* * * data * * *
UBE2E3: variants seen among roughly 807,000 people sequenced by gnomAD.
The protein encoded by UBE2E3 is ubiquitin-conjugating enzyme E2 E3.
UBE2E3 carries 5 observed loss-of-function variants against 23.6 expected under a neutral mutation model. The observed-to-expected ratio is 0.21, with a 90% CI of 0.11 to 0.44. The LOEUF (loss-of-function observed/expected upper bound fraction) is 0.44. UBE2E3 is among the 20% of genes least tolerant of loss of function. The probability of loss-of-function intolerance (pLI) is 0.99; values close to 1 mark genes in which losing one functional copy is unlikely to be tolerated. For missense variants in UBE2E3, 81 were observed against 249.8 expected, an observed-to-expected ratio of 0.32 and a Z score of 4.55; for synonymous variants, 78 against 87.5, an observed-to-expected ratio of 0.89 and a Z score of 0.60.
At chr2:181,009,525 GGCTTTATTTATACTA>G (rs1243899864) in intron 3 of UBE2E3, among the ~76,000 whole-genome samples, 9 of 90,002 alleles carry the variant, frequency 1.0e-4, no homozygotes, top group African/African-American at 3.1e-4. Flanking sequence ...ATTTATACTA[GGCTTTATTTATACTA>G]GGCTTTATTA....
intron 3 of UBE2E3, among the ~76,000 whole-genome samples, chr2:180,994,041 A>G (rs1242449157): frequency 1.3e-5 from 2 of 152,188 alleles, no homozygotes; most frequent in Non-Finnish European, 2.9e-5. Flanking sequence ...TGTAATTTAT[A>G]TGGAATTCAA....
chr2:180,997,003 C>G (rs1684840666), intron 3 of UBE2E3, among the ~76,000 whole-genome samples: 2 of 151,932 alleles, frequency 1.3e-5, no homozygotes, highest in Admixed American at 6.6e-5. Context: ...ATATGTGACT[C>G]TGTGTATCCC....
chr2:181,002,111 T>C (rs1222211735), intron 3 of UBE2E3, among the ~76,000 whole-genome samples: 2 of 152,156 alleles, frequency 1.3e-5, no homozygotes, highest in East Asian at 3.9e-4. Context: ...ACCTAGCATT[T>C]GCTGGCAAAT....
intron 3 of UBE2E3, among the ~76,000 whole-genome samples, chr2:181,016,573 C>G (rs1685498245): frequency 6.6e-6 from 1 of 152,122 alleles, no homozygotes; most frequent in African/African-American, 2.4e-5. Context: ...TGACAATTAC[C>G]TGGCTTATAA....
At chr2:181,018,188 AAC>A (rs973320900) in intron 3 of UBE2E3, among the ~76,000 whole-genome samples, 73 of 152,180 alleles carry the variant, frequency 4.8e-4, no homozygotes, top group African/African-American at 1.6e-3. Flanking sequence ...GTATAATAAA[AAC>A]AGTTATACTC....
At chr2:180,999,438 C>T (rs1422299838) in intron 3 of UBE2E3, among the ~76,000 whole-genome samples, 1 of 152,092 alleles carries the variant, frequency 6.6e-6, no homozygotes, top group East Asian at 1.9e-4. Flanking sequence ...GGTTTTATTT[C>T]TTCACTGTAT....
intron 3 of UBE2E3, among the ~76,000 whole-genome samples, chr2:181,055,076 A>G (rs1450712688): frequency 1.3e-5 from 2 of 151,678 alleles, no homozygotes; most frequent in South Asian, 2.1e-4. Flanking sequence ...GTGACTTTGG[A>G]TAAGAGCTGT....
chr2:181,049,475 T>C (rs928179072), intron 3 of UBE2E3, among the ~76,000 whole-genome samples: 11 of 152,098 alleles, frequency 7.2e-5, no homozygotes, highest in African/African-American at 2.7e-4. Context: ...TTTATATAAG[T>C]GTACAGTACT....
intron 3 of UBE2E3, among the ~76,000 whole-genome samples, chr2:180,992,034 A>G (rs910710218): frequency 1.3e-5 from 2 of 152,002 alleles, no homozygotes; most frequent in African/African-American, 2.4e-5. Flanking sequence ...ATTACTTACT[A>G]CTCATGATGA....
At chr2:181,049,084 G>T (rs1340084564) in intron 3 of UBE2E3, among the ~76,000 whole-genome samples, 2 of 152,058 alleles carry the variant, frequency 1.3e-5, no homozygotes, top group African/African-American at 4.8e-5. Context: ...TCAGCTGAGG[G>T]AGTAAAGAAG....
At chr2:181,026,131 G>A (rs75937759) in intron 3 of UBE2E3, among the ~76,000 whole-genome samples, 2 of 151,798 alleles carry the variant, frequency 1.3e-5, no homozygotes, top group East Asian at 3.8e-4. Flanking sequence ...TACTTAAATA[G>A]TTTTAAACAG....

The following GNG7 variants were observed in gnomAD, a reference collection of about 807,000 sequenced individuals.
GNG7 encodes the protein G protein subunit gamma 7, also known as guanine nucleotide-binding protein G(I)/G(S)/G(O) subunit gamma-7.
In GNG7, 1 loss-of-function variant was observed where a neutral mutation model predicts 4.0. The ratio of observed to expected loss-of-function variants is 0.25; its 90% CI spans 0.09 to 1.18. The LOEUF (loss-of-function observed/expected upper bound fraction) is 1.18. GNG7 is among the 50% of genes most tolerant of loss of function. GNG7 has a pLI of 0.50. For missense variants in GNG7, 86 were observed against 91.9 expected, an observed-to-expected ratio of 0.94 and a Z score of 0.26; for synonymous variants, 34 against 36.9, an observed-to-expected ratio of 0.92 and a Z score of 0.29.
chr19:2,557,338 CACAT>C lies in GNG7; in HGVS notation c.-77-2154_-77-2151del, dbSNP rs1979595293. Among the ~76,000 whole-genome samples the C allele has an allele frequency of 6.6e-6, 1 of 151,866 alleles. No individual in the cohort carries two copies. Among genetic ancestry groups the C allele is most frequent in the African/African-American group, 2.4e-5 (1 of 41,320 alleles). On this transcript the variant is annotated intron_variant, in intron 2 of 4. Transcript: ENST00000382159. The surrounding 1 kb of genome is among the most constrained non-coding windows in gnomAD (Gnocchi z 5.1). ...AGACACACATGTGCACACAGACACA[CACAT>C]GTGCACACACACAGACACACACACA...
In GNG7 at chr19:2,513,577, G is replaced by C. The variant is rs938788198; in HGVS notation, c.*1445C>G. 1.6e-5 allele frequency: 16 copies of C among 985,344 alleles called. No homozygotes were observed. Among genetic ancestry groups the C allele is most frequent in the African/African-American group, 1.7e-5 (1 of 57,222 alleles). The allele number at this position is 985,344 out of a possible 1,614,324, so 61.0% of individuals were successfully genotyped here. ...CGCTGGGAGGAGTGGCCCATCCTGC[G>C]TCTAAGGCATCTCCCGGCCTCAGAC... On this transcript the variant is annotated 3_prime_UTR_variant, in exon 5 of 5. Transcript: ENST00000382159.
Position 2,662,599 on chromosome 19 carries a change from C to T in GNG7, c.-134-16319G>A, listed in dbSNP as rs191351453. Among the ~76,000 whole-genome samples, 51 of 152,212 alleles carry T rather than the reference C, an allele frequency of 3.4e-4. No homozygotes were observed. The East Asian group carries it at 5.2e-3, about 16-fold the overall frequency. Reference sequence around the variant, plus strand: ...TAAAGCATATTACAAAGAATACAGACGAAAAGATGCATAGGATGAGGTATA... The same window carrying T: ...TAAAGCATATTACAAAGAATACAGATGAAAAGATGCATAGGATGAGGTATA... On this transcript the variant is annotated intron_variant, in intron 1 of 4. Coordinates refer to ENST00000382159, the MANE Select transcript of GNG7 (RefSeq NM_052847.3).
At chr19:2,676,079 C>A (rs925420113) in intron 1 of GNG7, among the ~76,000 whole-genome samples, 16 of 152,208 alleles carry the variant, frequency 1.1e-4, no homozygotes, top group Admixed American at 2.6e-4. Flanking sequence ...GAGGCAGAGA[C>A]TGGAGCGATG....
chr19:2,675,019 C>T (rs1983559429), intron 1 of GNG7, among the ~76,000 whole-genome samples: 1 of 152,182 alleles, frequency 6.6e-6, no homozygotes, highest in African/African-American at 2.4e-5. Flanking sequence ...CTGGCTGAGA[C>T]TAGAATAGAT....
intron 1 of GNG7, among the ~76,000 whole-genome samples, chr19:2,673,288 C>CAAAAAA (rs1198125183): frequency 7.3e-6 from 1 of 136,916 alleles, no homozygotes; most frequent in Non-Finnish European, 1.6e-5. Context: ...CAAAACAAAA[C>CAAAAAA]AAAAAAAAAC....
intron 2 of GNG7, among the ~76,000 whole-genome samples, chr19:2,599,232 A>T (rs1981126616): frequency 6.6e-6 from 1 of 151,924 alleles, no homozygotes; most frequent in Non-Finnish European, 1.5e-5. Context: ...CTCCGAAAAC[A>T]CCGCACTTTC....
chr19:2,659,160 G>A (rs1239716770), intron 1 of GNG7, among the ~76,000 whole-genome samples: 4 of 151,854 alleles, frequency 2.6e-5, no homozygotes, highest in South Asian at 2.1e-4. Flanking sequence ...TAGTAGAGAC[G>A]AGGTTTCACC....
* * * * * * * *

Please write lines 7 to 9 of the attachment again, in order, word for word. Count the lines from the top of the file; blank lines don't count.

chr2:181,002,111 T>C (rs1222211735), intron 3 of UBE2E3, among the ~76,000 whole-genome samples: 2 of 152,156 alleles, frequency 1.3e-5, no homozygotes, highest in East Asian at 3.9e-4. Context: ...ACCTAGCATT[T>C]GCTGGCAAAT....
intron 3 of UBE2E3, among the ~76,000 whole-genome samples, chr2:181,016,573 C>G (rs1685498245): frequency 6.6e-6 from 1 of 152,122 alleles, no homozygotes; most frequent in African/African-American, 2.4e-5. Context: ...TGACAATTAC[C>G]TGGCTTATAA....
At chr2:181,018,188 AAC>A (rs973320900) in intron 3 of UBE2E3, among the ~76,000 whole-genome samples, 73 of 152,180 alleles carry the variant, frequency 4.8e-4, no homozygotes, top group African/African-American at 1.6e-3. Flanking sequence ...GTATAATAAA[AAC>A]AGTTATACTC....